Another idea would be to measure the back EMF time. If it was too far ahead of commutation, reduce the voltage in the next phase according to a PID controller. If it was too far behind, increase the voltage in the next phase. That would give better torque, but not slow down on hills. Normal rovers use flywheels or slip clutches to avoid stalling.
The time for this has probably run out. There probably is a future in direct drive brushless rovers. They offer a way to get a wide range of speeds or more biomorphic movement. A direct drive robot can slowly rotate to scan a scene, then dart forward. A conventional robot is geared to go either extremely slowly or extremely fast.
So the VIIRS was built in LA. There's no data on how it works, whether it's based on a large aperture or an extremely radiation hardened DSLR sensor. It's sensitive enough to detect a flashlight in the ocean. Connoisseurs of its data have noticed a large patch of lights in N Dakota which didn't exist 15 years ago.
It was worth documenting the last bit of data from the back EMF motor control fiasco. It begins with the full power applied.
Oscilloscope plots of the full power voltage are never shown, but they have the clearest view of the 2 powered phases with the back EMF clearly visible in the floating phase. There's a glitch where it goes from 9V to floating. Software detects the halfway point to determine the commutation time.
The normal oscilloscope plot shows PWM modulated voltages. The back EMF phase is less visible. The writers for EETimes tend to be more interested in showing they fully understand the concept personally, with the most obtuse diagrams, rather than conveying it to someone else.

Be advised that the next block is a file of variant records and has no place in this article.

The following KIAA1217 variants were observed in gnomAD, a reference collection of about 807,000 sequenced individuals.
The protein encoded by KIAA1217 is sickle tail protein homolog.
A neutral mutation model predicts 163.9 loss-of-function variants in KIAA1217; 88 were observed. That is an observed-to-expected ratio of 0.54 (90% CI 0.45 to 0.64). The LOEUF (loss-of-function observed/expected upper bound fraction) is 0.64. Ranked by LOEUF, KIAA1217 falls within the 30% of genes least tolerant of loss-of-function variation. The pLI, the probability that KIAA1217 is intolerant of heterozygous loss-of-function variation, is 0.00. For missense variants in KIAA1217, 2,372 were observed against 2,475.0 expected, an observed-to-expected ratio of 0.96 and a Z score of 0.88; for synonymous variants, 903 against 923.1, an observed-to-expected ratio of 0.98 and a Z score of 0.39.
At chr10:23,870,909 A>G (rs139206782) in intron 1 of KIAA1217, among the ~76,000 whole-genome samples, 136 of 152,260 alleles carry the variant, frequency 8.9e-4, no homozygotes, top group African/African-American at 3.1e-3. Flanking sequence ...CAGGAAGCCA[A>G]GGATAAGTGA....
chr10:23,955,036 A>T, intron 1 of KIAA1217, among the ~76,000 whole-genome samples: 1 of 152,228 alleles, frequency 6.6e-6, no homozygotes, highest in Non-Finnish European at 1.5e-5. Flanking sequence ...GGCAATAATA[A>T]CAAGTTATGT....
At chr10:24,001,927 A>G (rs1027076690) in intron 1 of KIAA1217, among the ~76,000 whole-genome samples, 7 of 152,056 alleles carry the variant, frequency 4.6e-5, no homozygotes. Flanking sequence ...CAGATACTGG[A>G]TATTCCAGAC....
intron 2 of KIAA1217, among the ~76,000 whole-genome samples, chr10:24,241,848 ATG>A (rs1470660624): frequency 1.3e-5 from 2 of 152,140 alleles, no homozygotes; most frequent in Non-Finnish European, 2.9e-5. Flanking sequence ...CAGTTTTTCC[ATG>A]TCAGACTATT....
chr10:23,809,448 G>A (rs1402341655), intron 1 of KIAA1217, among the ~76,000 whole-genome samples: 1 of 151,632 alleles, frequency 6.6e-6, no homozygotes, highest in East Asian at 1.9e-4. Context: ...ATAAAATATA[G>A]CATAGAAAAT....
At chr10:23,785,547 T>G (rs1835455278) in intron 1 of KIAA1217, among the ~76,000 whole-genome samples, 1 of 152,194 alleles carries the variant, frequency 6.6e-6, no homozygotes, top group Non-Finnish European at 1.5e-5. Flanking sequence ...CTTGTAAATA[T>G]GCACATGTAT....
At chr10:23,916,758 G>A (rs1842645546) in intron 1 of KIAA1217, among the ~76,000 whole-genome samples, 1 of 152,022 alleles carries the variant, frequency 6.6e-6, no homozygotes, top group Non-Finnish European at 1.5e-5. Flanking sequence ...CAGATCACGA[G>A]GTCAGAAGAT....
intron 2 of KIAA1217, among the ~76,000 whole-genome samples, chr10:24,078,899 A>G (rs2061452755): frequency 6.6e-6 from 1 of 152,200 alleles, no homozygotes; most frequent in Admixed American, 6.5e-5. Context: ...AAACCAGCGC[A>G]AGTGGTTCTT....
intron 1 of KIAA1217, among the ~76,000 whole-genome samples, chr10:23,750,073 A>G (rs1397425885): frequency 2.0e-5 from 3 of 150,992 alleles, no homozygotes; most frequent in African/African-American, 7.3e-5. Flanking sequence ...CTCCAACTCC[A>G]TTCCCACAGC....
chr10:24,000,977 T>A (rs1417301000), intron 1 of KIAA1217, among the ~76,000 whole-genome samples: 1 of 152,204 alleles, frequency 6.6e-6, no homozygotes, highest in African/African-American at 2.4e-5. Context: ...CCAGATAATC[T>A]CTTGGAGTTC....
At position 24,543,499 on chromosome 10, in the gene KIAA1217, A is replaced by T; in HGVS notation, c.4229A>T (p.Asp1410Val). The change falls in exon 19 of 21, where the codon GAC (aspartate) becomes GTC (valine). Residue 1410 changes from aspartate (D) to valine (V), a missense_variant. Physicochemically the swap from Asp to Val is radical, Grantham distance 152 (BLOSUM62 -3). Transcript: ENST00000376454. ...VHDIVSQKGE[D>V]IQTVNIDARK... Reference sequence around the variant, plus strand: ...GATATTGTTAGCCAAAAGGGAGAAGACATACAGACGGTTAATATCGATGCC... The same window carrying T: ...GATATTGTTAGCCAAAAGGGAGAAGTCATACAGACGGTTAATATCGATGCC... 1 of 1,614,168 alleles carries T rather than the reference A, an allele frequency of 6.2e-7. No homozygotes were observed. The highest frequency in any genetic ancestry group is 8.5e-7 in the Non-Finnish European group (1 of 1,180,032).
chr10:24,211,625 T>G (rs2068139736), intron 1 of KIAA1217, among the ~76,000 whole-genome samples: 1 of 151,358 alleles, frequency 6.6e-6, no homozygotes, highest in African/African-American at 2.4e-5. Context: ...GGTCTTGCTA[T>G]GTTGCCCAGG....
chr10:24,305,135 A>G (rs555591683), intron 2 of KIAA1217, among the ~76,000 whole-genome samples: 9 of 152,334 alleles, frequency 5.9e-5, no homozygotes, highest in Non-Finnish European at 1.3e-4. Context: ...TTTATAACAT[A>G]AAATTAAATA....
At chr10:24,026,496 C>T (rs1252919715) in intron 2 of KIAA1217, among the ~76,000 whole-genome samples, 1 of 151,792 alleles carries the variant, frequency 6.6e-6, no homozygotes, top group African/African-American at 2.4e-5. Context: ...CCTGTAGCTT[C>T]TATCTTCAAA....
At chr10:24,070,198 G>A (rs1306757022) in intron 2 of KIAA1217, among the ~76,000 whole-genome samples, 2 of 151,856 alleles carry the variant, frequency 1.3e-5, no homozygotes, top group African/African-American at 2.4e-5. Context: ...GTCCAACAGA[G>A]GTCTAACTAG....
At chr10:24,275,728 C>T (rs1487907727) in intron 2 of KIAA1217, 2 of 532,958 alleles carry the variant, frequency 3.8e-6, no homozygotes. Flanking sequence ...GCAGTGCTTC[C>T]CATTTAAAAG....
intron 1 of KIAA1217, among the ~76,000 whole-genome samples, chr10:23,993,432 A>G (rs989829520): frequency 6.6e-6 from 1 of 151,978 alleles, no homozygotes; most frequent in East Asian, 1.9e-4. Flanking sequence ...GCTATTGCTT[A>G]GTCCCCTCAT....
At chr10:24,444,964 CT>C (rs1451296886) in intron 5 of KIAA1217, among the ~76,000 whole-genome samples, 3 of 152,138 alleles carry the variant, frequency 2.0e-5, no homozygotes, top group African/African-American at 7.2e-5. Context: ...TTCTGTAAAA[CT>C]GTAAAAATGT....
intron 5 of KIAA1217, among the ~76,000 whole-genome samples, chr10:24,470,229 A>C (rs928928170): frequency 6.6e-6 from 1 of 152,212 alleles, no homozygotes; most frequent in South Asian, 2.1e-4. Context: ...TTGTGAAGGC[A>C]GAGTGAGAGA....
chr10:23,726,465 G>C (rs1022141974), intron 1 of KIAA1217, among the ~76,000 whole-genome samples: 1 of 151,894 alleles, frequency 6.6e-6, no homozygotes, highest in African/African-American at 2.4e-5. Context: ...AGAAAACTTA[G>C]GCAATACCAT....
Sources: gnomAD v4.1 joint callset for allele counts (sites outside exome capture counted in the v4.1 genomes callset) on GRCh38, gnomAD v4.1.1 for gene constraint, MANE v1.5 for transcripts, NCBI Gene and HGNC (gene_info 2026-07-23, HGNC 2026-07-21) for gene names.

While it's nowhere close to a comprehensive solution, it does the absolute minimum of superimposing field of view for a given focal length on a satellite photo. No more packing anything but the exact lens you need.
It's hard coded for a 35mm DSLR of a certain crop factor, horizontally mounted. The next step would be either a vertical mount option or direct entry of the sensor width. Height of the field of view can't be easily conveyed. The oblique satellite photo gives a rough estimation of the height of an object, relative to the field of view. A street view overlay could be more useful, but their imagery is limited to just public roads.
Field of view gets less accurate as the lens gets wider. It probably doesn't represent a fisheye lens at all.
Undoubtedly Switchbox was a lot cheaper than the $3 billion Google paid for Nest.